Privacy concerns emerge over police use of genetic genealogical DNA testing

Privacy concerns emerge over police use of genetic genealogical DNA testing
CHEK
WatchSaanich Police are talking about a new type of evidence: genetic genealogical DNA testing. It's helped solve U.S. murders, but it also raises privacy concerns.

As the investigation into Lindsay Buziak’s murder gets a new jolt of energy, Saanich Police are talking about a new type of evidence called genetic genealogical DNA testing.

When DNA (Deoxyribonucleic acid) is found at a crime scene and there’s no direct match, genetic genealogical DNA testing can be brought in.

It’s a way of searching public genetic databases, finding partial DNA matches and then building a family tree to find a suspect.

In 2019, it was used to help convict the murderer of a young Saanich couple, 18-year-old Tanya Van Cuylenborg and 20-year-old Jay Cook, who were murdered in Washington in 1987.

The DNA of their killer, William Earl Talbott II, was found on Tanya’s clothing, but an immediate DNA match wasn’t found. Police then searched DNA databases, and found two partial matches to the suspect, who turned out to be the killer’s cousins. His DNA was then tested, and it was a direct match.

READ MORE: Guilty verdict in 1987 double murder of Saanich couple in Washington

It was also used to catch the Golden State Killer, and other cases in the U.S., but it’s raising concerns about privacy.

“Your genetic information is probably the most sensitive unique identifier we can have about one another,” Michael McEvoy, Information Privacy Commissioner for B.C. “It’s not just the individual’s information, it’s about their relations.”

Right now, there are no Canadian laws regarding this new type of genealogical testing.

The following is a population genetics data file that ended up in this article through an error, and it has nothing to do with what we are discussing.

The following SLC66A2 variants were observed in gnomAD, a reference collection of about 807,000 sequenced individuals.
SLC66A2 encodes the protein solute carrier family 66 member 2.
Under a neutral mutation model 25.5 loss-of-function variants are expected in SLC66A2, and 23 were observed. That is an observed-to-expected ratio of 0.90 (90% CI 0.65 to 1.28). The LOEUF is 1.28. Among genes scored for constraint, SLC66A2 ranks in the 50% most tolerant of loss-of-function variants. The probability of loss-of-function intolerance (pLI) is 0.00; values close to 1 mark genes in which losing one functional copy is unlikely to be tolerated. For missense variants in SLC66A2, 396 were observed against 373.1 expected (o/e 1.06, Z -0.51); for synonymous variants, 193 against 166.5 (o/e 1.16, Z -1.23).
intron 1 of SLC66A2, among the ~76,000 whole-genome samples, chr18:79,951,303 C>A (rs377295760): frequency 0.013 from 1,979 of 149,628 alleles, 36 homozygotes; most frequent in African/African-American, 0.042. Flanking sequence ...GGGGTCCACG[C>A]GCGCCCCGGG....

“Looking at the database provided by a person’s relative, a person is unlikely to have a reasonable expectation of privacy with respect to information that is supplied by someone else,” said Victoria criminal defence lawyer Michael Mulligan.

He likened it to searching a house, explaining that police cannot search your home without a warrant, but if they search a friends’ house and find evidence against you, that’s completely allowed because it’s not against your right to privacy.

Police use of genealogical testing is completely legal, and many are starting to worry about family tree sites like Ancestry.com and 23AndMe.

But Parabon Nanolabs, one of the companies that perform Genealogical DNA testing, says they don’t use those sites.

“Third-party uploads of data files to these sites are not even possible,” Parabon told CHEK News. “We exclusively use GEDmatch and FamilyTree DNA, both of which have special law enforcement programs.”

Even so, B.C.’s privacy commissioner says it needs to be more regulated.

“There has to be some form of judicial oversight so that police have exhausted all of the kind of tools at their disposal, that its the type of serious crime that is serious enough to warrant dipping into this information,” said McEvoy.

A new law might be in the works, the BC RCMP confirming they are actively looking into DNA technology regulations.

“RCMP has recently begun consulting with the Office of the Privacy Commissioner of Canada to move closer to formalizing the use of genetic genealogy as an investigative technique,” said Cpl. Chris Manseau, spokesperson for the BC RCMP.

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Rebecca LawrenceRebecca Lawrence

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